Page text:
Japanese authorities raid scandal-hit school operator tied to Abe family
By Wang Lei

2017-04-01 14:42 GMT+8

Authorities in the Japanese city of Osaka raided the headquarters of private school operator Moritomo Gakuen on Friday as they investigate allegations of fraud linked to Prime Minister Shinzo Abe and his wife, Akie Abe.
According to a report in The Japan Times, prefectural officials are looking into whether Yasunori Kagoike, head of the school operator, committed fraud when submitting three different figures to three different entities detailing the construction costs for a new elementary school, of which Abe's wife Akie Abe was to serve as the honorary principal.
Japanese Prime Minister Shinzo Abe (L) and his wife Akie at Tokyo International Airport on February 28, 2017. /CFP Photo
Last year, Moritomo Gakuen purchased an 8,770-square-meter plot in Toyonaka, Osaka Prefecture from the government for 134 million yen (about 1.2 million US dollars) – far less than the 956 million yen appraised value – to build the school, which its operator called "Abe Shinzo Memorial Elementary School" when seeking donations.
Opposition lawmakers are trying to find out whether there was any political interference behind the deal, while the Japanese prime minister has repeatedly denied any involvement by himself, his wife or members of his administration.
During a sworn testimony to the National Diet last week, Kagoike claimed that Akie had given him an envelope containing one million yen (about 9,000 US dollars) as a secret donation.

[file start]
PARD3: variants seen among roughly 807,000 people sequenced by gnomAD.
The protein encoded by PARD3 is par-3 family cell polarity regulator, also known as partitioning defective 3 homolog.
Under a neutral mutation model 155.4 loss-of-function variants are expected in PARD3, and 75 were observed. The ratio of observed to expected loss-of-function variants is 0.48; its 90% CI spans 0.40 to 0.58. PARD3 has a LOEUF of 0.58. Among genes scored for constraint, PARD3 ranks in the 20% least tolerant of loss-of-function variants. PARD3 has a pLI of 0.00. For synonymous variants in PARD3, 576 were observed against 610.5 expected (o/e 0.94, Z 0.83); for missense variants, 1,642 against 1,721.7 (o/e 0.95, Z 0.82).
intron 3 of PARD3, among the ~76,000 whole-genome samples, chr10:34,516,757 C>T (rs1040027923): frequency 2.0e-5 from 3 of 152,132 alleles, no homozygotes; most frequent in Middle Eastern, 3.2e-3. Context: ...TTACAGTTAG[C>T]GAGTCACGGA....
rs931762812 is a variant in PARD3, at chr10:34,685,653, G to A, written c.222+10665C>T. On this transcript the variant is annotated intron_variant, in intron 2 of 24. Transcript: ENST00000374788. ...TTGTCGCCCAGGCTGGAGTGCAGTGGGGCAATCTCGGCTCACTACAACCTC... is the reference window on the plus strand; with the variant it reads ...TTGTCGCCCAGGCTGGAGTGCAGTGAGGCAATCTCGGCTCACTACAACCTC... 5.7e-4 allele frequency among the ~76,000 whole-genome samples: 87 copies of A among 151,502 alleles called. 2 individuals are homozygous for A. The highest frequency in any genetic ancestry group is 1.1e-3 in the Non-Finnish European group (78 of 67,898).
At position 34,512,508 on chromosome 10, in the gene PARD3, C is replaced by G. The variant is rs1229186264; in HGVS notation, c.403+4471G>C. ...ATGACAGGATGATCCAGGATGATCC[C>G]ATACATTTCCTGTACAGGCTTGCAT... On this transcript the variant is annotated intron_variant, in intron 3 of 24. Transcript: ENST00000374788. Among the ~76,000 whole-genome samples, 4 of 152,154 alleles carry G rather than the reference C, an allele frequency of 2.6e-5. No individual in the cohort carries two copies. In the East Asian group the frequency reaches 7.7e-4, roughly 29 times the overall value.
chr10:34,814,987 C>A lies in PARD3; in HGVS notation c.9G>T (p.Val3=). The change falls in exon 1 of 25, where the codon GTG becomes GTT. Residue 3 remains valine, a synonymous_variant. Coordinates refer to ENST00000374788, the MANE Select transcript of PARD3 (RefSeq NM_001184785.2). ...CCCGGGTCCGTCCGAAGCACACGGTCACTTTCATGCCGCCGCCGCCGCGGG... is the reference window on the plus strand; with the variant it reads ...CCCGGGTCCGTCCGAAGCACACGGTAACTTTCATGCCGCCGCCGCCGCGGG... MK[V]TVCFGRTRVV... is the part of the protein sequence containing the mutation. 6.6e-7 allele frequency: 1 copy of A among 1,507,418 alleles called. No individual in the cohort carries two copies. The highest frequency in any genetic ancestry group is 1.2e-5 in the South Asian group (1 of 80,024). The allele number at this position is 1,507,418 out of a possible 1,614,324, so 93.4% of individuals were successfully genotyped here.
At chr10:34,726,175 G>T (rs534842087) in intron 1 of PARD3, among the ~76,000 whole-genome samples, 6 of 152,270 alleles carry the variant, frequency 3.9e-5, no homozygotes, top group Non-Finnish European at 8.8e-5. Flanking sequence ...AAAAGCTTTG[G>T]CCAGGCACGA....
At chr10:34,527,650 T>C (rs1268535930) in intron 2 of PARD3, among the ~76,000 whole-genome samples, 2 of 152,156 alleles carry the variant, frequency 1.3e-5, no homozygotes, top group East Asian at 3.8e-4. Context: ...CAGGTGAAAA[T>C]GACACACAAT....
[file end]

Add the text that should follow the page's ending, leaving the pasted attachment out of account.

Moritomo Gakuen's Yasunori Kagoike holds a press conference in Tokyo, Japan on March 23, 2017 after giving a sworn testimony in the Diet. /CFP Photo
Akie, who resigned as honorary principal of the planned school in late February and faces calls from the opposition to testify in the Diet, has reduced her public appearances, canceling a speech in Shizuoka slated for Saturday, a Kyodo News report said.
In three different contracts submitted to Japan's land ministry, Osaka Prefecture and the regional authority selling Moritomo Gakuen the land, total construction costs of the school were estimated at 2.38 billion, 750 million and 1.55 billion yen respectively. Kagoike refused to explain the discrepancies in his testimony on March 23.
There is suspicion that the higher figure was given to obtain assistance from the central government. Moritomo Gakuen had received 56 million yen in subsidies, which was returned recently.
Osaka officials also inspected a nursery school headed by Kagoike's wife on Friday, according to an NHK report. That school is accused of illegally receiving subsidies as well.
CGTN Graphic
The scandal, while embroiling Japan’s prime minister, is also a blow to its defense minister, Tomomi Inada, described by the Financial Times as "a rising star and protégée of Abe."
Inada, a former lawyer, represented Moritomo Gakuen in a court case in 2004, a fact which she previously denied. After her links to the school operator were revealed and anger grew over her denial of those links, Abe rejected calls for her to resign.
Moritomo Gakuen has often been criticized for its schools’ highly nationalistic and conservative curriculum. The revelation of its links with Inada has further tied it to Abe's circle.
According to the latest survey by Kyodo News in March, the approval rating for Abe's cabinet has slipped by 3.3 percentage points to 52.4 percent, while 62.6 percent of respondents were "not convinced" with the prime minister's explanation of the event.
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